by Charley Griffiths
By no means would I call myself a sport expert, I will say that now. I usually never read or click on a sports article purely because I don’t really support any particular teams, and sport headlines just read to me as “Look, sport happened! People scored points!” There just isn’t anything in it for me.
But after a friend pointed out to me recently that sexism in sport is still massively a thing, it got me wondering whether that was some kind of subconscious reason for my lack of interest. Then, when I opened up the news app on my phone, I decided to browse the sport section for the first time ever. I was pleasantly surprised to be greeted with a female face. Until I read the headline. Brazilian surfer Silvana Lima wasn’t deemed “pretty enough” for sponsorship. Now even I can see how bloody ridiculous that is.
Essentially, sport should be about your ability as an athlete. Nothing more, nothing less. Yet Silvana Lima, eight times best surfer in Brazil, twice second in the world, is obviously very good at what she does, but this wasn’t acknowledged for the first 13 years of her career. Lima, talking to the BBC, acknowledged how “I don’t look like a model. I’m a surfer, a professional one. The surf-wear brands, when it comes to women, they want both models and surfers. So if you don’t look like a model, you end up without a sponsor, which is what happened to me… men don’t have these problems”. Why is it that women are unfortunately pressured into focussing on their looks to advance in their athletic careers?
Thankfully, Lima didn’t let this stop her. She explained how “I could get breast implants, dye my hair… but it would be so weird, nobody would recognise me. It wouldn’t be me”. After facing these obstacles, it made her “want to get better at the sport”, and thankfully her hard work has paid off, with important brands now giving her the backing she deserves. But successful female athletes are still repeatedly judged on their appearances, and not their athletic accomplishments. In fact, in a survey conducted by BBS Sport in 2015, almost 50 elite sportswomen said they had been criticised via social media about their looks.
Think back to last year, when Serena Williams was dubbed as ‘manly’ by pathetic trolls on social media. I think with her five Wimbledon championships, 21 Grand Slam singles and four Olympic gold medals, she isn’t at all bothered by what you have to say, but the point still stands. Tennis is one of the key offenders here. While the pay gap has been addressed, with male and female tennis players earning equal prize money at Wimbledon, it is not a coincidence that the women seen as more attractive get more media attention, I mean just look at Maria Sharapova. Talented athlete, but with her looks receiving greater attention. The All England Club actually admitted that “good looks are a factor” in choosing which players are selected to play on the high-profile courts. Comedian Amy Schumer does a great parody video of how sexy tennis players are treated, I suggest you YouTube that if you don’t want to read more of my ramblings, as she pretty much hits the nail on the head.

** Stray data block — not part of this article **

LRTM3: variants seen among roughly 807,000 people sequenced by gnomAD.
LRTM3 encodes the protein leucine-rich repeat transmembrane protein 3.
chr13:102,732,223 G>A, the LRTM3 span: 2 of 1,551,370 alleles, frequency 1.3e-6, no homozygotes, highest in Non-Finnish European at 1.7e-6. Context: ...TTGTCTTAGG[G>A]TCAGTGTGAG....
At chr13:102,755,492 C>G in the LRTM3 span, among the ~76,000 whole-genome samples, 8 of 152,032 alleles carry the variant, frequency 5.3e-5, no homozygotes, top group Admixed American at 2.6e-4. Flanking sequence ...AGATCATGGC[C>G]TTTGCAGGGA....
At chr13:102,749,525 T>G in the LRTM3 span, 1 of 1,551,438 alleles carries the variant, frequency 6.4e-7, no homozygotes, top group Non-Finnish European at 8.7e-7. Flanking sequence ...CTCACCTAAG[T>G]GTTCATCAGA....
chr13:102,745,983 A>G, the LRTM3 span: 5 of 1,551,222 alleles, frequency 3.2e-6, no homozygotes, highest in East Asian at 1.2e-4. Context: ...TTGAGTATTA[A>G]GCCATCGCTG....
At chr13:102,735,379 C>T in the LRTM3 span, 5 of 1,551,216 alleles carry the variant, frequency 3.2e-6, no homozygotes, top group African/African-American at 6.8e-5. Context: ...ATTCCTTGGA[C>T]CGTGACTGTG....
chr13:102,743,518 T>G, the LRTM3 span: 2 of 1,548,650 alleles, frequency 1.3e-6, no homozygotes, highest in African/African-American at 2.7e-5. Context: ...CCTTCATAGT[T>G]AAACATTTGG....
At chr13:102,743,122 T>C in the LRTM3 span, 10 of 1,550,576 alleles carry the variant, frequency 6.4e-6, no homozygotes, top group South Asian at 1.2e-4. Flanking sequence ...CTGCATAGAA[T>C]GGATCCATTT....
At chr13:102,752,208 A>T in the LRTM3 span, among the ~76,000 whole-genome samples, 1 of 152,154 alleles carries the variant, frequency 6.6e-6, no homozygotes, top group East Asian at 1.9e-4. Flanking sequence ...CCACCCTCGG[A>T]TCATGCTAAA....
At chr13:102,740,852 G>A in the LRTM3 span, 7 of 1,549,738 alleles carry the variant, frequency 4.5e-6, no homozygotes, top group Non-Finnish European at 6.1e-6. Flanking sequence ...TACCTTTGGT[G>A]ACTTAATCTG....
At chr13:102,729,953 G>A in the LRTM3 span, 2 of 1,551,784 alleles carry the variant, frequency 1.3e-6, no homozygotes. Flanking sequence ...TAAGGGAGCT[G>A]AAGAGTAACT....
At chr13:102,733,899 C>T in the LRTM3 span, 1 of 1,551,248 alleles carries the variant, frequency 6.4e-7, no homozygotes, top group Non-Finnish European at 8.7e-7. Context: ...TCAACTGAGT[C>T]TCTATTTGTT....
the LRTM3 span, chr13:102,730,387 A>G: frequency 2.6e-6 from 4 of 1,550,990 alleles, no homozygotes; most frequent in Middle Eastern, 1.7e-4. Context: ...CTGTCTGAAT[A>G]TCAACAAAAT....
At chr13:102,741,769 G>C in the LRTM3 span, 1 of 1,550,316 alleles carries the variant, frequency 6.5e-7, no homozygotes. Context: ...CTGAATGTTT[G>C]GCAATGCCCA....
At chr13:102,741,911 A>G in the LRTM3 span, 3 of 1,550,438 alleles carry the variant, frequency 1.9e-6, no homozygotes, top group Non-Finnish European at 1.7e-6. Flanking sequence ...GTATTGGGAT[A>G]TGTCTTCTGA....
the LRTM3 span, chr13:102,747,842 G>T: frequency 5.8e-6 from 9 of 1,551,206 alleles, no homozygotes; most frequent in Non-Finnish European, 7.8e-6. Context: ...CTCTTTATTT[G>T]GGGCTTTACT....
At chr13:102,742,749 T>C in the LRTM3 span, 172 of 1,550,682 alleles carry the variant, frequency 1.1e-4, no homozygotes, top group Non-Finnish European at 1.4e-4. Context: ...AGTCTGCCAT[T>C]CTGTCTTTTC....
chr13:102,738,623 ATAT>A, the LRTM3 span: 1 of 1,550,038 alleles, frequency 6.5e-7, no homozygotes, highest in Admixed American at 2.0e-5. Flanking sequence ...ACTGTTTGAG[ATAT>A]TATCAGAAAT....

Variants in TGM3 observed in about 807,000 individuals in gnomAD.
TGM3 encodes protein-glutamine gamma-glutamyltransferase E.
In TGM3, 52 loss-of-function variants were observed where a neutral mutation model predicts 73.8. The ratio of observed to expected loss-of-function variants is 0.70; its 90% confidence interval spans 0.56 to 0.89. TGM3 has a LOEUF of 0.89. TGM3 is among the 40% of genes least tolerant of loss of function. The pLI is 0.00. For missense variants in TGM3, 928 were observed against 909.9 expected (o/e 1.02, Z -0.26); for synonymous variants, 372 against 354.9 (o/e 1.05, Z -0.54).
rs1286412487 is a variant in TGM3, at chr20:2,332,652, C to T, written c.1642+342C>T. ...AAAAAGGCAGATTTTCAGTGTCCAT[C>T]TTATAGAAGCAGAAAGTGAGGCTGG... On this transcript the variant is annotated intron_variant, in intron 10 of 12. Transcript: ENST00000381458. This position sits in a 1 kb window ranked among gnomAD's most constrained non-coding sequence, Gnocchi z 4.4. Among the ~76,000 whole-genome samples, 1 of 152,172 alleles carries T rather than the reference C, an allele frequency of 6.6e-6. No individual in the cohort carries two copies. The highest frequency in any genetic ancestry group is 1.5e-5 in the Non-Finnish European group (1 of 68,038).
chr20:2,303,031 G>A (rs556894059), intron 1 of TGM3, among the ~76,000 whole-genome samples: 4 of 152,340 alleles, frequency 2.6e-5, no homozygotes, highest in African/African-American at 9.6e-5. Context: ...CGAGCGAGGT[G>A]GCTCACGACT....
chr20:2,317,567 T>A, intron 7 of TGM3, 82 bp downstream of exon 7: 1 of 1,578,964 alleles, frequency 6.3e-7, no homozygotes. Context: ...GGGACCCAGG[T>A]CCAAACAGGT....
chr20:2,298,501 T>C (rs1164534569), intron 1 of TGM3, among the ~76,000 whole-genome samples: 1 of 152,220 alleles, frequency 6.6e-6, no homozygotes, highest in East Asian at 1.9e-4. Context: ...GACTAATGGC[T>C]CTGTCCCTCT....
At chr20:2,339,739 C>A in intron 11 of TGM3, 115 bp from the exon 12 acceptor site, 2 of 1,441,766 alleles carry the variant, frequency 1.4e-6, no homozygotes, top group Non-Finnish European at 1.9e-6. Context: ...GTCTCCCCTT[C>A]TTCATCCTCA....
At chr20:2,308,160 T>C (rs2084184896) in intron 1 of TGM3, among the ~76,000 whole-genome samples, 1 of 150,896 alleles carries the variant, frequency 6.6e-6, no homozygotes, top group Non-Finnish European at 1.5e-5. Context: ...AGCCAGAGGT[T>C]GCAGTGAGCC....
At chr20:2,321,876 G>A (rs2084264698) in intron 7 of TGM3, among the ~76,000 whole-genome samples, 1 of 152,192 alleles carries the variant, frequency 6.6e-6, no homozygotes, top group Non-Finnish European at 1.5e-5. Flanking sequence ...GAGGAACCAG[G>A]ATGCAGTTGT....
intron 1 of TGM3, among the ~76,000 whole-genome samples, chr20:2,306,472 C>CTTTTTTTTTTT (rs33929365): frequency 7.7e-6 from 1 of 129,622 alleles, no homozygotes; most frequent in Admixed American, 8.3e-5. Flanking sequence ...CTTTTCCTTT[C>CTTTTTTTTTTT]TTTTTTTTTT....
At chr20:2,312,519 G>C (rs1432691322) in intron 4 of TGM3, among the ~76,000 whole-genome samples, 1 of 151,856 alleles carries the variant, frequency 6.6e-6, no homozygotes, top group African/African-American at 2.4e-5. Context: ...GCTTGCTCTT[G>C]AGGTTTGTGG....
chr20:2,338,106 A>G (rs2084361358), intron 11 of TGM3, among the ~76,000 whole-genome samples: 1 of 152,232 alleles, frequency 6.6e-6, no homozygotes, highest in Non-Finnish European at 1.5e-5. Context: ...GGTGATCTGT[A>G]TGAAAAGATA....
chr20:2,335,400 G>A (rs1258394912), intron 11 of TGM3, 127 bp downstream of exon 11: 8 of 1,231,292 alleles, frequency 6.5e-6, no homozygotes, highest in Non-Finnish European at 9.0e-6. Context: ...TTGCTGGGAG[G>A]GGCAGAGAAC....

Alternatively, you could look at the video made by ‘Cover the Athlete’, an online campaign exploring sexism in sport. It highlights how ridiculous sports coverage is of women, by using clever editing to highlight how male athletes would not be asked the sort of questions addressed to female athletes, such as questions about their love life, hair or weight. Cover the Athlete’s YouTube page addresses how “inappropriate interview questions, and articles commenting on physical appearance not only trivialises a woman’s accomplishments, but also sends a message that a woman’s value is based on her looks, not her ability”. Considering the related videos bar on the right had videos titled “Top 10 Hottest Female Athletes” etc, I would agree with this statement. Yes, male athletes often crop up on these sorts of lists too, and looks are acknowledged, but their appearance never has a detrimental effect on their career in the way it so often does for women. Men are also victims to these pressures, and that is wrong. But there are literally endless examples of this happening to women all the time.
It isn’t even just about appearances here either. Coverage of female sport is seriously lagging behind. According to the Women’s Sport and Fitness Foundation (WSFF), only seven per cent of all sports coverage is dedicated to women’s sport. Look at the rugby and football; not only do they get much less focus in the media, but they get paid significantly less. The WSFF also pointed out how a mere 0.5 per cent of all sponsorship money in the whole of UK sport goes to women. Add this to the fact that on average, a female England international only earns around £16,000 a year. I am pretty sure male footballers make that in a day, or even a few hours. Don’t believe me? Forbes list of highest paid athletes of 2015 featured only two women. I could go on and on.
An athlete’s appearance has absolutely no impact on their sporting ability, male or female. If we are still in a position where only the attractive athletes are getting major sponsorship deals, I am seriously questioning the integrity of the sport industry in general. If we want to get more women interested in sport, both watching and participating, perhaps sending out a positive message that our abilities are actually valued might be the trick. Get it together. Support achievement, not aesthetics.